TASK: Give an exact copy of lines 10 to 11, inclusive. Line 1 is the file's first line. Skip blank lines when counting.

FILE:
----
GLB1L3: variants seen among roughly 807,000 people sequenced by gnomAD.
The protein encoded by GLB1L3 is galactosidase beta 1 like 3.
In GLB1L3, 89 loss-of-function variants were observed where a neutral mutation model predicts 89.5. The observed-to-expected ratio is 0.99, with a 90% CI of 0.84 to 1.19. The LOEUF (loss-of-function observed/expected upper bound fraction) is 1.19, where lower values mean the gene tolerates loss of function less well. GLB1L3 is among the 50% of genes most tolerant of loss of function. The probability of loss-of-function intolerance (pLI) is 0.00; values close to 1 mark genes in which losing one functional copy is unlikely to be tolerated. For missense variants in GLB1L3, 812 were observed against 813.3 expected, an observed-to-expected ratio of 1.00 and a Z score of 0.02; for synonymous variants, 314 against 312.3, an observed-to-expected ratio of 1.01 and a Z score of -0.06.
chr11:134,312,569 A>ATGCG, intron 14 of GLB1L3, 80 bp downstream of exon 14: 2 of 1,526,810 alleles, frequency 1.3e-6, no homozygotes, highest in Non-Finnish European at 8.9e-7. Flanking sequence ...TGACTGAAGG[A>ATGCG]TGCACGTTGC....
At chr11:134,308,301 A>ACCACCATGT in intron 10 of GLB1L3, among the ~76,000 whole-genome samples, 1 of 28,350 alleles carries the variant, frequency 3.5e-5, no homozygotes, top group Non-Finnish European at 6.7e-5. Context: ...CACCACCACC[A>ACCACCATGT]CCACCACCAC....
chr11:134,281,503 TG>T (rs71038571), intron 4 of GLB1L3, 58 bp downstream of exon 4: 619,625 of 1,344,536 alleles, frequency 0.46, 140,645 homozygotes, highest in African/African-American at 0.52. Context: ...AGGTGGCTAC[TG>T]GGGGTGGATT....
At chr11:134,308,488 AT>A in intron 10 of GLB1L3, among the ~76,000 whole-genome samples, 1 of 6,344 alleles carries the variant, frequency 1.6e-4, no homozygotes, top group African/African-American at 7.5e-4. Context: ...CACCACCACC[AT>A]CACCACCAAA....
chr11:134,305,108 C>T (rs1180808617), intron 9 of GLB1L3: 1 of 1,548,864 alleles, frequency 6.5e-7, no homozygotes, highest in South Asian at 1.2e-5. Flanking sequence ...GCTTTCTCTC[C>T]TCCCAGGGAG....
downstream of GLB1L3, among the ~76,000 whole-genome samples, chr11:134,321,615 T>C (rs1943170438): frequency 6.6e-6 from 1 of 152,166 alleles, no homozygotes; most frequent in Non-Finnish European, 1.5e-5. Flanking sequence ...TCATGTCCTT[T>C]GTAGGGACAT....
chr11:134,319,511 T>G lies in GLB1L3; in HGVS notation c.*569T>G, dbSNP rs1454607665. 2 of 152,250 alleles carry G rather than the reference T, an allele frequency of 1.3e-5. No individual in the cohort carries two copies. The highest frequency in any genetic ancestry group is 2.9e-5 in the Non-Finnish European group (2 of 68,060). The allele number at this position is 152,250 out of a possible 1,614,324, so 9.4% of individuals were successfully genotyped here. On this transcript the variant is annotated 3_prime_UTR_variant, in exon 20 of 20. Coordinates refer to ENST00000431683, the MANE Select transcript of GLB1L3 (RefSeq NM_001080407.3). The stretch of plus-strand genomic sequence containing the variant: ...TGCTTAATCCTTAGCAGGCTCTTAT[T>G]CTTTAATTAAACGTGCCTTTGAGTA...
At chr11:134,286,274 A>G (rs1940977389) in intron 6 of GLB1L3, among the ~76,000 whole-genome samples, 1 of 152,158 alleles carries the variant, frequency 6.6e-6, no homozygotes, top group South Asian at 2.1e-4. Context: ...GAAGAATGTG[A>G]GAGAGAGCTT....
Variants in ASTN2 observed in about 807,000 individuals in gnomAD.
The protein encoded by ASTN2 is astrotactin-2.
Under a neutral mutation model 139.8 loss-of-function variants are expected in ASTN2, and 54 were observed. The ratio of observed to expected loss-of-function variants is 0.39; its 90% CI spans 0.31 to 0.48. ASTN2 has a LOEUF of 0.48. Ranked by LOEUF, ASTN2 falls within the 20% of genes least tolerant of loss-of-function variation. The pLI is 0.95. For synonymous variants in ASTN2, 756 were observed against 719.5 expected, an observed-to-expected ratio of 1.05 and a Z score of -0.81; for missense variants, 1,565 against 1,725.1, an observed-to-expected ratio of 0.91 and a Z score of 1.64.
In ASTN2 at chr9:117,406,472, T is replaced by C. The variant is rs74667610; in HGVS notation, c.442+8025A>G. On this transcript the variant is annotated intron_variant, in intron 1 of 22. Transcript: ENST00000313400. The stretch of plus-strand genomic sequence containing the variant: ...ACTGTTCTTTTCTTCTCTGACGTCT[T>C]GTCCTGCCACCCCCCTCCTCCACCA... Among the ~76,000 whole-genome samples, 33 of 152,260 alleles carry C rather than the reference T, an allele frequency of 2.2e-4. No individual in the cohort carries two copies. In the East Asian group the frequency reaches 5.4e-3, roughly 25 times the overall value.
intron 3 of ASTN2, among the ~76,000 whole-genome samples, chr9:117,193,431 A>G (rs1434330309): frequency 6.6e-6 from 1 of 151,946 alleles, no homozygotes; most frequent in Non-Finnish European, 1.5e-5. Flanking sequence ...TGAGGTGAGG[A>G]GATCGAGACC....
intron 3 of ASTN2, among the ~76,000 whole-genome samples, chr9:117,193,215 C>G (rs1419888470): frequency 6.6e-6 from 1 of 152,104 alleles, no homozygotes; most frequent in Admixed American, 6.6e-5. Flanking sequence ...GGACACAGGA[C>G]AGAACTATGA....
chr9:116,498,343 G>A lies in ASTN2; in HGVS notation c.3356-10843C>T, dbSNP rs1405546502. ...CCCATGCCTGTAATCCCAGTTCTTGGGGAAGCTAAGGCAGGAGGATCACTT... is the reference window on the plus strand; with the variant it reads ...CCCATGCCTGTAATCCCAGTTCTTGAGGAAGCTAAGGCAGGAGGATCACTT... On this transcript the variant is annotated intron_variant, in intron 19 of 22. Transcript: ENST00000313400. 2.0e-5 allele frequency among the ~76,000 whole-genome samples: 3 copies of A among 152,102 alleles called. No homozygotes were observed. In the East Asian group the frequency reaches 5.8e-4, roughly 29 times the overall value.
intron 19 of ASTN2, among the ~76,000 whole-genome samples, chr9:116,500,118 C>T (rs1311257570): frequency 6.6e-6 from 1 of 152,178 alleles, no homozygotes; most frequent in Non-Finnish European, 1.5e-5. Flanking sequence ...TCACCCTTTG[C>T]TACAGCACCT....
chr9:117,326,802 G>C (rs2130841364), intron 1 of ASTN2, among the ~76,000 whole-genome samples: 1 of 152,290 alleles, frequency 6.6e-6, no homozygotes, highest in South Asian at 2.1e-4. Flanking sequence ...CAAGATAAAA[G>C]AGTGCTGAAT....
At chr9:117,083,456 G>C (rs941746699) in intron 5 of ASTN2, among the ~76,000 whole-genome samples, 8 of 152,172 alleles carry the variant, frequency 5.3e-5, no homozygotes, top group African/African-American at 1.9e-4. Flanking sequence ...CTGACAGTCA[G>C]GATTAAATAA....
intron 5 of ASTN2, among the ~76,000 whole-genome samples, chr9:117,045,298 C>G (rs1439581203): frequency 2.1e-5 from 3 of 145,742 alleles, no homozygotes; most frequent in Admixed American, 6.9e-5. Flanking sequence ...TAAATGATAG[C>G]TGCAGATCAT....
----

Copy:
chr11:134,319,511 T>G lies in GLB1L3; in HGVS notation c.*569T>G, dbSNP rs1454607665. 2 of 152,250 alleles carry G rather than the reference T, an allele frequency of 1.3e-5. No individual in the cohort carries two copies. The highest frequency in any genetic ancestry group is 2.9e-5 in the Non-Finnish European group (2 of 68,060). The allele number at this position is 152,250 out of a possible 1,614,324, so 9.4% of individuals were successfully genotyped here. On this transcript the variant is annotated 3_prime_UTR_variant, in exon 20 of 20. Coordinates refer to ENST00000431683, the MANE Select transcript of GLB1L3 (RefSeq NM_001080407.3). The stretch of plus-strand genomic sequence containing the variant: ...TGCTTAATCCTTAGCAGGCTCTTAT[T>G]CTTTAATTAAACGTGCCTTTGAGTA...
At chr11:134,286,274 A>G (rs1940977389) in intron 6 of GLB1L3, among the ~76,000 whole-genome samples, 1 of 152,158 alleles carries the variant, frequency 6.6e-6, no homozygotes, top group South Asian at 2.1e-4. Context: ...GAAGAATGTG[A>G]GAGAGAGCTT....